M. Danish Khan, chairman of the Pakistan Leather Garments Manufacturers and exporters Association (PLGMEA), told Arab News Rs400 billion ($2.5 billion) worth of animals were slaughtered this year. No official data was available.
“This growth is due to the restrictions on travel for Hajj,” Khan said.
Former PTA chairman Ejaz Ahmed Sheikh, who is chairman of leather supplier Bombal Leathers, said while exact figures were as yet unavailable, the overall value of sacrificial animals could be even higher than tanners’ estimates.
“It is estimated that around 3-4 million cows were slaughtered this year,” he told Arab News. “So, keeping average price at Rs 100,000, the overall value goes up to Rs300 billion, while if we add the value of goats, sheep, and camels, the value exceeds Rs400 billion.”
The rate of waste has also been higher this year, with data from the Lahore branch of PTA showing that Rs2 billion worth of hides and skins was wasted. 
PLGME’s chief Khan said material wastage was an annual problem.
“Huge quantities of hides and skins are wasted every year due to lack of proper facilities required to preserve the material,” he said.
Skins and hides from sacrificial animals are usually collected by Islamic seminaries and welfare organizations which sell them to leather exporters and tanners to meet their financial expenditures.
Qazi Sadaruddin, director at the Al-Khidmat Foundation, a non-governmental organization that provides humanitarian services across Pakistan, told Arab News the collection of skins, as well as their rates, had increased this year.
“The rates are comparatively higher this year and the collection of skins and hides has also increased,” he said.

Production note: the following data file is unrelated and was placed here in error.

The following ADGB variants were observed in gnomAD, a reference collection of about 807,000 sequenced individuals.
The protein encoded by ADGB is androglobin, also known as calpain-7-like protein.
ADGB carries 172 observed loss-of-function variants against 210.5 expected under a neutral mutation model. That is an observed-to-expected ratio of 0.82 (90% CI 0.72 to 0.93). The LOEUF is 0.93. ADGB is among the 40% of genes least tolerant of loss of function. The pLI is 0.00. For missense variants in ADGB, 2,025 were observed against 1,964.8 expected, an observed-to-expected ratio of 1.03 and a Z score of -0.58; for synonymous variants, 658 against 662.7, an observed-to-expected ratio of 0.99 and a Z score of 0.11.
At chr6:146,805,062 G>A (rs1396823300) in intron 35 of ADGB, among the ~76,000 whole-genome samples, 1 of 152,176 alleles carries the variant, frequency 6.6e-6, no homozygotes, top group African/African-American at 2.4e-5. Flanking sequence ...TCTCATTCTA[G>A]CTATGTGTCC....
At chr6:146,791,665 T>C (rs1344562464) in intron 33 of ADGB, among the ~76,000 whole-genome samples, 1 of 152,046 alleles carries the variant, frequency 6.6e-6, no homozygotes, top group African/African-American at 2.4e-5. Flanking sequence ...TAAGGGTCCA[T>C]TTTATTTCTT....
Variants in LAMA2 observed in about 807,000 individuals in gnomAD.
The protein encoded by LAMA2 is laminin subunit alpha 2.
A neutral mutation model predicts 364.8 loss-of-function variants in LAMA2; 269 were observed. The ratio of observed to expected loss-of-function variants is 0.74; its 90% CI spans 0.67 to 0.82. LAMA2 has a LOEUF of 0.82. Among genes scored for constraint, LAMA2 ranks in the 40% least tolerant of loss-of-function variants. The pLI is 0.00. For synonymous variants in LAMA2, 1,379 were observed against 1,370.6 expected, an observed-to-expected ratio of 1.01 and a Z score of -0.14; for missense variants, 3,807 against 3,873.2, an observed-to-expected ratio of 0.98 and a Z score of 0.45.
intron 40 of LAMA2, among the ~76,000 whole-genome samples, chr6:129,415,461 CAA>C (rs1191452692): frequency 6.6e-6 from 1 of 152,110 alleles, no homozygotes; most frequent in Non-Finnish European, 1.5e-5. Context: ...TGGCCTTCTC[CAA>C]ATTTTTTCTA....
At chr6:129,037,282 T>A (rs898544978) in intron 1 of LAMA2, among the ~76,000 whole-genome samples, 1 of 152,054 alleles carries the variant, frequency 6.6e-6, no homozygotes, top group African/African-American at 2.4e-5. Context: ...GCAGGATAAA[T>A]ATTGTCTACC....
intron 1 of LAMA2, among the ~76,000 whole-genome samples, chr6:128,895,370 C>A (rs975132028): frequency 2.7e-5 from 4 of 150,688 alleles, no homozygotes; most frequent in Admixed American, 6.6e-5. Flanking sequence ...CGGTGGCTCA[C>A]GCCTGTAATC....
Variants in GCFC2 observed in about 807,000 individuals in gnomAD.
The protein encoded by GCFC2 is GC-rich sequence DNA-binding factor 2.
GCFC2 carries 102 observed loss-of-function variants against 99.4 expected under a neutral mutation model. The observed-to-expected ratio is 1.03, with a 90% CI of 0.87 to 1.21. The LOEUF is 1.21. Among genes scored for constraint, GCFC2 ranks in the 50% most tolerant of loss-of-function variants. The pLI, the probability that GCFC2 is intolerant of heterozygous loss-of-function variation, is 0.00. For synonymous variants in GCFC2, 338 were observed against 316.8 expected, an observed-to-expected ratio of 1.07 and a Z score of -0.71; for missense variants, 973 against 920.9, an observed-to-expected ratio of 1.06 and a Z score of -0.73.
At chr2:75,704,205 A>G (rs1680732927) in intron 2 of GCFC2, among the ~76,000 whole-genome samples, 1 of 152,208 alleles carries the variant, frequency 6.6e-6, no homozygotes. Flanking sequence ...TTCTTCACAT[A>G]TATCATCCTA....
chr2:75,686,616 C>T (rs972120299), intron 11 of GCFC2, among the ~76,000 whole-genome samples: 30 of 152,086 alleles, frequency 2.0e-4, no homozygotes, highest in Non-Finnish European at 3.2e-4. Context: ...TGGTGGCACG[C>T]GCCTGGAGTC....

Eid Al-Adha contributes around 20-30 percent of raw material to Pakistan’s leather industry, which PLGME expects will cross the $1 billion mark this year. In the previous fiscal year 2020-21, the leather sector contributed $833 million to Pakistan’s overall exports of $25.3 billion.
“Despite COVID-19, Pakistan’s export sector has performed very well during the last fiscal year,” PLGME’s Khan said. “We hope that this year Pakistan’s leather exports will hit the $1 billion mark”.


Pakistan invites Bahrain to invest in CPEC projects

Updated 29 July 2021

Pakistan invites Bahrain to invest in CPEC projects

  • Pakistani foreign minister co-chairs second session of Pakistan-Bahrain Joint Ministerial Commission
  • Five other Gulf countries have pledged to develop Pakistan’s deep-water Gwadar port under CPEC

ISLAMABAD: Pakistani Foreign Minister Shah Mahmood Qureshi has invited the leadership of Bahrain to invest in development projects under the China-Pakistan Economic Corridor (CPEC), as he started his two-day visit to the Gulf state on Wednesday.
Qureshi arrived in Manama to co-chair the second session of the Pakistan-Bahrain Joint Ministerial Commission (JMC), the inaugural meeting of which was held in Islamabad in February 2017. His visit to Bahrain would, the foreign office said, “add to the current momentum and positive trajectory of brotherly ties between the two countries.”
While addressing the JMC, Qureshi said CPEC offered opportunities in which Pakistan wanted to cooperate with Bahrain and other Gulf countries.
“There are great business and investment opportunities in Pakistan, especially under the China-Pakistan Economic Corridor,” the foreign minister was quoted by the Pakistani foreign office as saying. “In this regard, we look forward to working closely with the Kingdom of Bahrain and other GCC countries.”
CPEC has seen Beijing pledge over $60 billion for infrastructure projects in Pakistan, central to China’s wider Belt and Road Initiative (BRI) to develop land and sea trade routes in Asia and beyond. The investment plan also aims to link western China to the southern Pakistani port of Gwadar.
Last month, Saudi Arabia, Kuwait, Oman, the United Arab Emirates, and Qatar were among nations that pledged to support the development of the deep-water seaport.
The foreign office said the JMC meeting would focus on bilateral cooperation in commerce, investment, energy, overseas employment, agriculture, and broadcasting.
Prime Minister Imran Khan visited Bahrain in December 2019 on the invitation of King Hamad bin Isa Al-Khalifa and was decorated with Bahrain’s prestigious King Hamad Order of the Renaissance award.